Featuring works drawn from the Tony Ray-Jones archive in the National Photography Collection, and rarely seen early black and white photographs by Martin Parr, this exhibition will explore the relationship between these two important photographers and their fascination with the English.

Fascinated by the eccentricities of English social customs, Tony Ray-Jones spent the latter half of the 1960s travelling across England, photographing what he saw as a disappearing way of life.

Humorous yet melancholy, these works had a profound influence on photographer Martin Parr, who has now made a new selection including over 50 previously unseen works from the National Media Museum's Ray-Jones archive. Shown alongside The Non-Conformists, Parr's rarely seen work from the 1970s, this selection forms a major new exhibition which demonstrates the close relationships between the work of these two important photographers.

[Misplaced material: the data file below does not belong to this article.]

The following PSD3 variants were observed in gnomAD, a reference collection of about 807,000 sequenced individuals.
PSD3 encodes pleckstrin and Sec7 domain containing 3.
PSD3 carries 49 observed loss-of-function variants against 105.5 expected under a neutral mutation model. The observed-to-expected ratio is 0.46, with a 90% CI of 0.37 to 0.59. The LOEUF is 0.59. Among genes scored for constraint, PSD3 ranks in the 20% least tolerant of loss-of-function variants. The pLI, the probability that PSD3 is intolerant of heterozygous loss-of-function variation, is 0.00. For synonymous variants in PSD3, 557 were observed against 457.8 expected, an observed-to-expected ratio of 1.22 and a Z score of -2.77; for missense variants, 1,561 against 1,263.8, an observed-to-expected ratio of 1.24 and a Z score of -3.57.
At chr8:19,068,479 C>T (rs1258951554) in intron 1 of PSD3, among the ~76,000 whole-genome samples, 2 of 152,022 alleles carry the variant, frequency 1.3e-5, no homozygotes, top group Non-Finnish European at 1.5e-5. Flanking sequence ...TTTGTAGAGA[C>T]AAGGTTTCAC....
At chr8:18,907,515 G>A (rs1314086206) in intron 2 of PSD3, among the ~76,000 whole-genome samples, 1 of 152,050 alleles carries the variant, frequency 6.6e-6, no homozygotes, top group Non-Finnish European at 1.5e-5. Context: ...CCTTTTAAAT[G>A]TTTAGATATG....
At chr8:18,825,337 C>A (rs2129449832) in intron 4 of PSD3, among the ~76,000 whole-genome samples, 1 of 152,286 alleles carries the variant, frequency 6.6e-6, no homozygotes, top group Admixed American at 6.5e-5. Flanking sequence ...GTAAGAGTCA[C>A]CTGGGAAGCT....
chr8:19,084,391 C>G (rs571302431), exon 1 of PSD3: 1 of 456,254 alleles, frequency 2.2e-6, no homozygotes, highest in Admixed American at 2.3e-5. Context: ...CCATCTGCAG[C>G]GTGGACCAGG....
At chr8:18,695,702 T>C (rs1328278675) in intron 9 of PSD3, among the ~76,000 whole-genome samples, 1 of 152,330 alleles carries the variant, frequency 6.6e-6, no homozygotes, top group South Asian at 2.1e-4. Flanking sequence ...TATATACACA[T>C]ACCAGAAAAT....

These mostly newly-printed works from two masters of the documentation of English life formed the central opening exhibition at Media Space at the Science Museum - a new venue set up in London partly to explore the National Media Museum's collection. The Media Space exhibition is transferring to the Media Museum, galleries 1 and 2.

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